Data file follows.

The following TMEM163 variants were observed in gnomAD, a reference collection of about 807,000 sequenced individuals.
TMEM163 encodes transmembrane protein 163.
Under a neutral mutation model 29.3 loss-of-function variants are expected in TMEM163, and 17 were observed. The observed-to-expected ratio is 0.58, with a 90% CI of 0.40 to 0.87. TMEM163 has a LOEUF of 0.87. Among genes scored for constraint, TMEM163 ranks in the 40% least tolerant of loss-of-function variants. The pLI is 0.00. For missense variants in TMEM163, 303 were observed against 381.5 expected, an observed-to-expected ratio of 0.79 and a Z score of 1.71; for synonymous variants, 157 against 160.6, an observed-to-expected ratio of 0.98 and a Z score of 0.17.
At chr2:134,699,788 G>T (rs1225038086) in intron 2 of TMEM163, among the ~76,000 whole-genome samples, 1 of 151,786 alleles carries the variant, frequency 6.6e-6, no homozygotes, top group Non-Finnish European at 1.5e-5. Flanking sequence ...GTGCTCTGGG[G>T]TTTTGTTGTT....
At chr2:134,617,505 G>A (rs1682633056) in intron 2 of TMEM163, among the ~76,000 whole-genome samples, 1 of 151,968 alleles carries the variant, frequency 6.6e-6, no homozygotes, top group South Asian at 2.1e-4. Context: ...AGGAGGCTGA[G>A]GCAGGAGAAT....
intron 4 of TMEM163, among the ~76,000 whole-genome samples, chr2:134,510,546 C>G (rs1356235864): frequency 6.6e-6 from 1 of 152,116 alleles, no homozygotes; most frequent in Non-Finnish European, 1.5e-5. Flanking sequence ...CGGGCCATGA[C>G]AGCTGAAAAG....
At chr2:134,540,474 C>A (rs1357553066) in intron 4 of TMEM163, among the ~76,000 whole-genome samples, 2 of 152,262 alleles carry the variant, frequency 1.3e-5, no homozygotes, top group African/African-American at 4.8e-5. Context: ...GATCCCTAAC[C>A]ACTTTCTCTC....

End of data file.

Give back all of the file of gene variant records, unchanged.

The following TMEM163 variants were observed in gnomAD, a reference collection of about 807,000 sequenced individuals.
TMEM163 encodes transmembrane protein 163.
Under a neutral mutation model 29.3 loss-of-function variants are expected in TMEM163, and 17 were observed. The observed-to-expected ratio is 0.58, with a 90% CI of 0.40 to 0.87. TMEM163 has a LOEUF of 0.87. Among genes scored for constraint, TMEM163 ranks in the 40% least tolerant of loss-of-function variants. The pLI is 0.00. For missense variants in TMEM163, 303 were observed against 381.5 expected, an observed-to-expected ratio of 0.79 and a Z score of 1.71; for synonymous variants, 157 against 160.6, an observed-to-expected ratio of 0.98 and a Z score of 0.17.
At chr2:134,699,788 G>T (rs1225038086) in intron 2 of TMEM163, among the ~76,000 whole-genome samples, 1 of 151,786 alleles carries the variant, frequency 6.6e-6, no homozygotes, top group Non-Finnish European at 1.5e-5. Flanking sequence ...GTGCTCTGGG[G>T]TTTTGTTGTT....
At chr2:134,617,505 G>A (rs1682633056) in intron 2 of TMEM163, among the ~76,000 whole-genome samples, 1 of 151,968 alleles carries the variant, frequency 6.6e-6, no homozygotes, top group South Asian at 2.1e-4. Context: ...AGGAGGCTGA[G>A]GCAGGAGAAT....
intron 4 of TMEM163, among the ~76,000 whole-genome samples, chr2:134,510,546 C>G (rs1356235864): frequency 6.6e-6 from 1 of 152,116 alleles, no homozygotes; most frequent in Non-Finnish European, 1.5e-5. Flanking sequence ...CGGGCCATGA[C>G]AGCTGAAAAG....
At chr2:134,540,474 C>A (rs1357553066) in intron 4 of TMEM163, among the ~76,000 whole-genome samples, 2 of 152,262 alleles carry the variant, frequency 1.3e-5, no homozygotes, top group African/African-American at 4.8e-5. Context: ...GATCCCTAAC[C>A]ACTTTCTCTC....